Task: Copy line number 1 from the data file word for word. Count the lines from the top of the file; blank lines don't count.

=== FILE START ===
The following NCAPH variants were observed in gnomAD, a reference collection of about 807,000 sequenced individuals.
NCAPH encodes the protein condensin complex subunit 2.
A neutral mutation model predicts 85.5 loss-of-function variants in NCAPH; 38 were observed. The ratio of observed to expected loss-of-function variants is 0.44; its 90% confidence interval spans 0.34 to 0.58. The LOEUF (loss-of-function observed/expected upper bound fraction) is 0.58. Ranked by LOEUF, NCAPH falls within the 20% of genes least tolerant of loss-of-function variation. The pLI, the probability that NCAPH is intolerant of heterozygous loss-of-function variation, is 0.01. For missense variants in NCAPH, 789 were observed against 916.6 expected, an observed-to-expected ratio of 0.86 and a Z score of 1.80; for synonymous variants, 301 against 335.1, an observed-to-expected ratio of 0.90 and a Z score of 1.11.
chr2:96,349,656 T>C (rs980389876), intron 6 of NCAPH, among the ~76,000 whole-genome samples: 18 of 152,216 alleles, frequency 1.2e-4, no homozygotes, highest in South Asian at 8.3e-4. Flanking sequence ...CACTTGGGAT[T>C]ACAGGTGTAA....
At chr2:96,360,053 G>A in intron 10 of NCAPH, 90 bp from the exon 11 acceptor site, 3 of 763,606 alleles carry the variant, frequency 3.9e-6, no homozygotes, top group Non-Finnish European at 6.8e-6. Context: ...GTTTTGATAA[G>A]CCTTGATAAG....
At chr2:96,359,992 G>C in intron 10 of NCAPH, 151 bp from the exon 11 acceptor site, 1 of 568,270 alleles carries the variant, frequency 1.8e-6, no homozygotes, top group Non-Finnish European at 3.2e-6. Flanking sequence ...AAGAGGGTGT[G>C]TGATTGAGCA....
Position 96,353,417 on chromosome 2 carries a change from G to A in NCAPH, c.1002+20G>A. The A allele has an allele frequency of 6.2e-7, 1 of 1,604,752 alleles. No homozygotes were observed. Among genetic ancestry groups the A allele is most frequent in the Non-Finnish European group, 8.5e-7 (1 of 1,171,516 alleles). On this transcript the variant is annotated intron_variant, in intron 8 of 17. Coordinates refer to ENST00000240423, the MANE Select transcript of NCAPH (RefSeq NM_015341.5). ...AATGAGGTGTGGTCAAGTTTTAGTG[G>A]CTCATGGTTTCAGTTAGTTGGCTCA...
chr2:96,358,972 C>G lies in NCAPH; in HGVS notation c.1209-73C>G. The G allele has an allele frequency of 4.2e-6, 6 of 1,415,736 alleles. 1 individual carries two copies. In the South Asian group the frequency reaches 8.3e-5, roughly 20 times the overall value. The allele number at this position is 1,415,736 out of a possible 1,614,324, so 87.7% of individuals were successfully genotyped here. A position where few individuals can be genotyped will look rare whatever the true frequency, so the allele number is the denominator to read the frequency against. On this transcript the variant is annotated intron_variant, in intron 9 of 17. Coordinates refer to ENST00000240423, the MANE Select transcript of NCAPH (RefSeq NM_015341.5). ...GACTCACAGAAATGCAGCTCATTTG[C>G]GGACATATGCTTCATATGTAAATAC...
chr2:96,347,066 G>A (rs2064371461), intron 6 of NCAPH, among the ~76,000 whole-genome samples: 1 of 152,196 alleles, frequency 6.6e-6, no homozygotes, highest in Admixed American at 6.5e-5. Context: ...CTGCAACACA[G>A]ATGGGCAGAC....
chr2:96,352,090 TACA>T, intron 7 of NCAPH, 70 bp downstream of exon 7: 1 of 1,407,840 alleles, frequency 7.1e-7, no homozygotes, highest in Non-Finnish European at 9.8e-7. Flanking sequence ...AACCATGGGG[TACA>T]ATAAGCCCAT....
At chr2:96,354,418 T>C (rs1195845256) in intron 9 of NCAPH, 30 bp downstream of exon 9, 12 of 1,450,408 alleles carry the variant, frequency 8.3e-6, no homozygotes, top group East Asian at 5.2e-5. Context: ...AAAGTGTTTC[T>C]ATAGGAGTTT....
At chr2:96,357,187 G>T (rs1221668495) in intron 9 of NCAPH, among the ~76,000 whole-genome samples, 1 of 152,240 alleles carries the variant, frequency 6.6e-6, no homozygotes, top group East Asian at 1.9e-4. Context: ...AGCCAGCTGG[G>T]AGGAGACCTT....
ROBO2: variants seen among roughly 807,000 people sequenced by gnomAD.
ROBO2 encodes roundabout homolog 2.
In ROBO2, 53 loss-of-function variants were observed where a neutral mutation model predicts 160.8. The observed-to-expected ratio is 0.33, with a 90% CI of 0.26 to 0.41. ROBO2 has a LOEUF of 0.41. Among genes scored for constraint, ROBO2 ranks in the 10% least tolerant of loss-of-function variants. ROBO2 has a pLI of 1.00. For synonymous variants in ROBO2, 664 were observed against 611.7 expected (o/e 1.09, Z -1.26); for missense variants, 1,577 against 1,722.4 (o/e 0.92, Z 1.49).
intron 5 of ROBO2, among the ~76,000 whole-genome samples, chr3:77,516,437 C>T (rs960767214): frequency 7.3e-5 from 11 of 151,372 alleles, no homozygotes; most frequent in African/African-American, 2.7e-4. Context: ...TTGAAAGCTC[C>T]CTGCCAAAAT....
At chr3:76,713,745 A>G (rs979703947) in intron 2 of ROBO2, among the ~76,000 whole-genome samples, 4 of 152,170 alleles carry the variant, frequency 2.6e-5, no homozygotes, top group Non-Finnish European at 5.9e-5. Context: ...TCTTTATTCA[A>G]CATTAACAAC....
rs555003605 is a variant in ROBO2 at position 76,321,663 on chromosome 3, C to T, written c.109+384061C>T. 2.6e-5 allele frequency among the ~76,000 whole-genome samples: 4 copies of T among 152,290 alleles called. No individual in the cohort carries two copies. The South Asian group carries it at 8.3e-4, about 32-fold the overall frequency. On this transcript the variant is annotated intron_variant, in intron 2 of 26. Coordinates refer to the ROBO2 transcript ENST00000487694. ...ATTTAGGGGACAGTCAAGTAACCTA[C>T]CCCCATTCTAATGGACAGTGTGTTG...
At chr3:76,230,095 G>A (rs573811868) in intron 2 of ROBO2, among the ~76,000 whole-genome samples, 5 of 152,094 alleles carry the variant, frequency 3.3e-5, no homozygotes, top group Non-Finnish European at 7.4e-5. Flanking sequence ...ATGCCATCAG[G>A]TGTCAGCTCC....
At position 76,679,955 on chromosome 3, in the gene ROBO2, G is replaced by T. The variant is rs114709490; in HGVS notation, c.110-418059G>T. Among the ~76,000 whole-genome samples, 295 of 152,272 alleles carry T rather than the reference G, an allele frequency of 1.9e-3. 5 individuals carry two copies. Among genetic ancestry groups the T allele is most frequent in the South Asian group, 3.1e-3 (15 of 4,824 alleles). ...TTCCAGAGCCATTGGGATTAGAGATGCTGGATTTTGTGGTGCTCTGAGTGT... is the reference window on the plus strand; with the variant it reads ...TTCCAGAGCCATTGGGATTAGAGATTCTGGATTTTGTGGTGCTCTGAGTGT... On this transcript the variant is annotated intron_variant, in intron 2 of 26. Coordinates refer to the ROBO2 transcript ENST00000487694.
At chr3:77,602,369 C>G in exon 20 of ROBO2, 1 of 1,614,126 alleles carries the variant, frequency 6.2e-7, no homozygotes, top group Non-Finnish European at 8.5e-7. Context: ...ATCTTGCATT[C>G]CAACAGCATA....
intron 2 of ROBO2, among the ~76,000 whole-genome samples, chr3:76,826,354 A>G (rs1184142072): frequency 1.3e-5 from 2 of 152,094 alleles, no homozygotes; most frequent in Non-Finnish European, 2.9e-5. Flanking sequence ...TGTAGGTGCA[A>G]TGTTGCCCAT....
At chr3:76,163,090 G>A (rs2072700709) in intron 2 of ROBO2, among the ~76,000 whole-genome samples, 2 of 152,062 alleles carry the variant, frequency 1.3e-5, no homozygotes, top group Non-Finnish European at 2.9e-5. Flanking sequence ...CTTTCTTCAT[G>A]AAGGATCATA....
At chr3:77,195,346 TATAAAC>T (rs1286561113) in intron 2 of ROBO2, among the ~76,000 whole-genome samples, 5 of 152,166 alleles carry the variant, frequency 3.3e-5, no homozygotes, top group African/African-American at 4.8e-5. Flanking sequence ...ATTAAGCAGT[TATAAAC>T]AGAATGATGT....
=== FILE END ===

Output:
The following NCAPH variants were observed in gnomAD, a reference collection of about 807,000 sequenced individuals.